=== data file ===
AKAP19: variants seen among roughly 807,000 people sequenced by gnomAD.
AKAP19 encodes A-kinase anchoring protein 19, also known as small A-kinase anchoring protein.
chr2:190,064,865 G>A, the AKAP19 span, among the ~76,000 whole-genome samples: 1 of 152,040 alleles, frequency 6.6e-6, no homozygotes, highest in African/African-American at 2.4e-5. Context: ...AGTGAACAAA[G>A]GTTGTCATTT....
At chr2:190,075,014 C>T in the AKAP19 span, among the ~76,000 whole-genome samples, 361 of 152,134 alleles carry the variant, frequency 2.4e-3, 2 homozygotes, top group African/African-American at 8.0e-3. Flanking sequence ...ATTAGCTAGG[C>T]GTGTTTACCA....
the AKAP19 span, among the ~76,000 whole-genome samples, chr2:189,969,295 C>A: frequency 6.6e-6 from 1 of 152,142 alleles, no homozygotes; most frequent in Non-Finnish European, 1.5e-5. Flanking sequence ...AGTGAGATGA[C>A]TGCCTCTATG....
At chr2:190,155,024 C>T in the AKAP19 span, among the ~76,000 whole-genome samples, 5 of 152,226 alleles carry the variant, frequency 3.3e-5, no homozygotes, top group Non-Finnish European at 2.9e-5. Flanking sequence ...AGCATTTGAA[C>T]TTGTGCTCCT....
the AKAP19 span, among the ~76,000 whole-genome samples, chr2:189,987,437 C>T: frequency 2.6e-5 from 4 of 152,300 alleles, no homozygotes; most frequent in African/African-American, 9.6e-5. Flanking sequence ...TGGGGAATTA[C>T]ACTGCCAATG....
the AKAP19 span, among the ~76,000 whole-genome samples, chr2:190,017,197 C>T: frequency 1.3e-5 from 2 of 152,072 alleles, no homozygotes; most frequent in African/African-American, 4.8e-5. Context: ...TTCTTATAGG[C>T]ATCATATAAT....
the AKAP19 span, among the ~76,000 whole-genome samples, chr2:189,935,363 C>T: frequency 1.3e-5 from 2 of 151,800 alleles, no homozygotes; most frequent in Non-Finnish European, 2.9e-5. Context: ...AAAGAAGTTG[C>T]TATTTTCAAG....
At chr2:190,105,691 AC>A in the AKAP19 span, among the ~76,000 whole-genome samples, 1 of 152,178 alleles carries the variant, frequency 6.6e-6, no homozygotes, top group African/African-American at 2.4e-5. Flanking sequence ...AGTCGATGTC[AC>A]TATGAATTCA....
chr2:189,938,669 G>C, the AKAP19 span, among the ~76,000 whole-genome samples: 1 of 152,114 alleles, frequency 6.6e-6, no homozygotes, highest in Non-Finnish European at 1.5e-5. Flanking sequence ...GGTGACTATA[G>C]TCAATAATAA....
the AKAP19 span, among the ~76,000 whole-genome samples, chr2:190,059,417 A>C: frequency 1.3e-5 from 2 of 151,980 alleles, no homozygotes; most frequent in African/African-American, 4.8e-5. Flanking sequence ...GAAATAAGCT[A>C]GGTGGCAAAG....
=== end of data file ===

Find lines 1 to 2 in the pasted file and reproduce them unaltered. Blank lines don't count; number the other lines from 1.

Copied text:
AKAP19: variants seen among roughly 807,000 people sequenced by gnomAD.
AKAP19 encodes A-kinase anchoring protein 19, also known as small A-kinase anchoring protein.